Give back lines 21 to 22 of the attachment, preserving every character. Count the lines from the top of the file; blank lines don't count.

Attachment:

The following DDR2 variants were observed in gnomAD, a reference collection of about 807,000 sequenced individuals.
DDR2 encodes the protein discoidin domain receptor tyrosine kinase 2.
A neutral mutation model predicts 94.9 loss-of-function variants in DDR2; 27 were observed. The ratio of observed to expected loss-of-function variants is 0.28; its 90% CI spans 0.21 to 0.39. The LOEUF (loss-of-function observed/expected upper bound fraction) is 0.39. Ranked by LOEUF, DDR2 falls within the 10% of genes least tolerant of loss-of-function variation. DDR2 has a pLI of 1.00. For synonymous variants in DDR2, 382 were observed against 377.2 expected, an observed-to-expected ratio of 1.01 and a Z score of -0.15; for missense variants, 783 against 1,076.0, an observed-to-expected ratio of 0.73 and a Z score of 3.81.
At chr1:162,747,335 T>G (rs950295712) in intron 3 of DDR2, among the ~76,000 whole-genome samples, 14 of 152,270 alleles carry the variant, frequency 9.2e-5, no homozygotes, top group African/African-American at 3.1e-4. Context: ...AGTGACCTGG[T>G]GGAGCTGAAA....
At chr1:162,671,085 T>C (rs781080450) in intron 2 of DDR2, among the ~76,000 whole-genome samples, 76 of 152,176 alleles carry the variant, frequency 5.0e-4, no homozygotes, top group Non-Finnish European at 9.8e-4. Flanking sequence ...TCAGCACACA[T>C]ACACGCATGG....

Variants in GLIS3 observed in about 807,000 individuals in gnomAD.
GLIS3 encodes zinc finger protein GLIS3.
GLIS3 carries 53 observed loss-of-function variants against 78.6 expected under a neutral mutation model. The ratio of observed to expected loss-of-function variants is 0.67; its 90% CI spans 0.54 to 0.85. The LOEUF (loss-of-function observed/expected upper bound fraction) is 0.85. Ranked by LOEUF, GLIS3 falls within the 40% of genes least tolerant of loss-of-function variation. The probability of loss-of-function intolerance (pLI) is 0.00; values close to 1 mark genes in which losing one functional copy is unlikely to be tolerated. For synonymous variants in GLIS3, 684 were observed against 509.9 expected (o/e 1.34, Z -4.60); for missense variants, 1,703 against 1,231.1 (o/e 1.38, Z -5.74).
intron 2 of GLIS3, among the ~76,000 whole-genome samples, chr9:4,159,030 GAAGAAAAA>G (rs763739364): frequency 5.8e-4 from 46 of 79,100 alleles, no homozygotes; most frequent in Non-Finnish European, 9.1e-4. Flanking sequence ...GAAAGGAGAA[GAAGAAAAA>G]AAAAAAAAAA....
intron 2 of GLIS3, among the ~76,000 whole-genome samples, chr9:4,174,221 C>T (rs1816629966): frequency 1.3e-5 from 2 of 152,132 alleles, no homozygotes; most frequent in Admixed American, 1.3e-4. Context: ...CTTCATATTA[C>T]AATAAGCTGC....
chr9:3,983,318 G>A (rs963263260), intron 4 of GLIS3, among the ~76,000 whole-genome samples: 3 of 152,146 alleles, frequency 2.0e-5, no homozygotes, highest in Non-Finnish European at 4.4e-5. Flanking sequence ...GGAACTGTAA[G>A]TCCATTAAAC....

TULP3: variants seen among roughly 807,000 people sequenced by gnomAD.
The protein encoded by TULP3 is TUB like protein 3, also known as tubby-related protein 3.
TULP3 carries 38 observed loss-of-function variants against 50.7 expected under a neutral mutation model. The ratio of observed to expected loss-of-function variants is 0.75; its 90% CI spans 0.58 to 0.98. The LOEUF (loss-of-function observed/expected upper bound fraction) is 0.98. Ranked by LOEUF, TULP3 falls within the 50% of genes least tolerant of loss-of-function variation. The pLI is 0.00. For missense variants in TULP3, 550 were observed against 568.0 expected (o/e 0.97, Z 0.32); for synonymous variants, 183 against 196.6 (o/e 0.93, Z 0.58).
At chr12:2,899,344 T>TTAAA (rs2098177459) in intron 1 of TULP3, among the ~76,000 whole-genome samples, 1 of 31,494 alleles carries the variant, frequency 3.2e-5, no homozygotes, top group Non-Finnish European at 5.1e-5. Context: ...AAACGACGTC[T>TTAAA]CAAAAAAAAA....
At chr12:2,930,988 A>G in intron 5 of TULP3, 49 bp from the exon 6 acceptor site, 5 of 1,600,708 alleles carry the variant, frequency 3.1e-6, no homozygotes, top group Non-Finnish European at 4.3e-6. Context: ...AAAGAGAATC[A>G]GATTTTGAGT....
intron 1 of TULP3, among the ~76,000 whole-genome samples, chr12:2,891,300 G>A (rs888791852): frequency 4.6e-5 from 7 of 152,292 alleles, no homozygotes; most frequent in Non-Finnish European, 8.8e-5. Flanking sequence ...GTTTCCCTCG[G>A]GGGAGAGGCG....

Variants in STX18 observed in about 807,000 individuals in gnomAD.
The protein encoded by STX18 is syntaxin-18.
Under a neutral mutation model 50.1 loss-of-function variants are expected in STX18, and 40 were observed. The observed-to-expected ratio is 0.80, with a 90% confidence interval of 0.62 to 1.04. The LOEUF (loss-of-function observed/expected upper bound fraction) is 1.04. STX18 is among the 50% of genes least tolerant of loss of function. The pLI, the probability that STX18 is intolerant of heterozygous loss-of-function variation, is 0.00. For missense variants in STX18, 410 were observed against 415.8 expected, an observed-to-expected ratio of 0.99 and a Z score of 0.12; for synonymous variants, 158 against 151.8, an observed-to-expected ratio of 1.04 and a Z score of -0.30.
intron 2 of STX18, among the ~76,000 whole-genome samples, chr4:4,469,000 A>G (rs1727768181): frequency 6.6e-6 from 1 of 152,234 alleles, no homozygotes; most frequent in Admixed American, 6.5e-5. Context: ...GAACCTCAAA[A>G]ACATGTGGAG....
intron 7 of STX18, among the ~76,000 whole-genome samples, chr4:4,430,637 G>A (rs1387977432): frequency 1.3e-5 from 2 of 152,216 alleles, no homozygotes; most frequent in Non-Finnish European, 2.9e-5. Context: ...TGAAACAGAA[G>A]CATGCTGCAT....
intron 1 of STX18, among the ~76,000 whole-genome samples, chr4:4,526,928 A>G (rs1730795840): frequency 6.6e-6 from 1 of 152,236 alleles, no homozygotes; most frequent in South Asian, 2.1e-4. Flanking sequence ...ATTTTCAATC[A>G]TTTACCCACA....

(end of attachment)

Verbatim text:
intron 2 of STX18, among the ~76,000 whole-genome samples, chr4:4,469,000 A>G (rs1727768181): frequency 6.6e-6 from 1 of 152,234 alleles, no homozygotes; most frequent in Admixed American, 6.5e-5. Context: ...GAACCTCAAA[A>G]ACATGTGGAG....
intron 7 of STX18, among the ~76,000 whole-genome samples, chr4:4,430,637 G>A (rs1387977432): frequency 1.3e-5 from 2 of 152,216 alleles, no homozygotes; most frequent in Non-Finnish European, 2.9e-5. Context: ...TGAAACAGAA[G>A]CATGCTGCAT....